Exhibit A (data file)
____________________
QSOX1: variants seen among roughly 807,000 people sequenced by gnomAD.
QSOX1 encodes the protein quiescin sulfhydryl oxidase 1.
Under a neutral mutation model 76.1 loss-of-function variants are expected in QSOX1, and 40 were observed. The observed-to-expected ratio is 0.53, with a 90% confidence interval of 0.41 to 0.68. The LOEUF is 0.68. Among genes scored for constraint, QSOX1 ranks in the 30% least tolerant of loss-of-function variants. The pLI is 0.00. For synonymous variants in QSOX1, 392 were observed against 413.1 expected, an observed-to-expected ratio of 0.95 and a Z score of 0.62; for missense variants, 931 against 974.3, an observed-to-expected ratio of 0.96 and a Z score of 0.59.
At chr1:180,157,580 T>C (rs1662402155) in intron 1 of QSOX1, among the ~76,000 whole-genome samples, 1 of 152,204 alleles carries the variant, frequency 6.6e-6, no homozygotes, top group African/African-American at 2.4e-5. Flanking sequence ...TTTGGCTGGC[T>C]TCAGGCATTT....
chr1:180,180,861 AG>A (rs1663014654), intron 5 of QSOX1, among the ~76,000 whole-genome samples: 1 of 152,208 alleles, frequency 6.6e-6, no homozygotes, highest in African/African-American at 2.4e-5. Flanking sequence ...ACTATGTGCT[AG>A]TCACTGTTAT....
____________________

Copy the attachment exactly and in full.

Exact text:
QSOX1: variants seen among roughly 807,000 people sequenced by gnomAD.
QSOX1 encodes the protein quiescin sulfhydryl oxidase 1.
Under a neutral mutation model 76.1 loss-of-function variants are expected in QSOX1, and 40 were observed. The observed-to-expected ratio is 0.53, with a 90% confidence interval of 0.41 to 0.68. The LOEUF is 0.68. Among genes scored for constraint, QSOX1 ranks in the 30% least tolerant of loss-of-function variants. The pLI is 0.00. For synonymous variants in QSOX1, 392 were observed against 413.1 expected, an observed-to-expected ratio of 0.95 and a Z score of 0.62; for missense variants, 931 against 974.3, an observed-to-expected ratio of 0.96 and a Z score of 0.59.
At chr1:180,157,580 T>C (rs1662402155) in intron 1 of QSOX1, among the ~76,000 whole-genome samples, 1 of 152,204 alleles carries the variant, frequency 6.6e-6, no homozygotes, top group African/African-American at 2.4e-5. Flanking sequence ...TTTGGCTGGC[T>C]TCAGGCATTT....
chr1:180,180,861 AG>A (rs1663014654), intron 5 of QSOX1, among the ~76,000 whole-genome samples: 1 of 152,208 alleles, frequency 6.6e-6, no homozygotes, highest in African/African-American at 2.4e-5. Flanking sequence ...ACTATGTGCT[AG>A]TCACTGTTAT....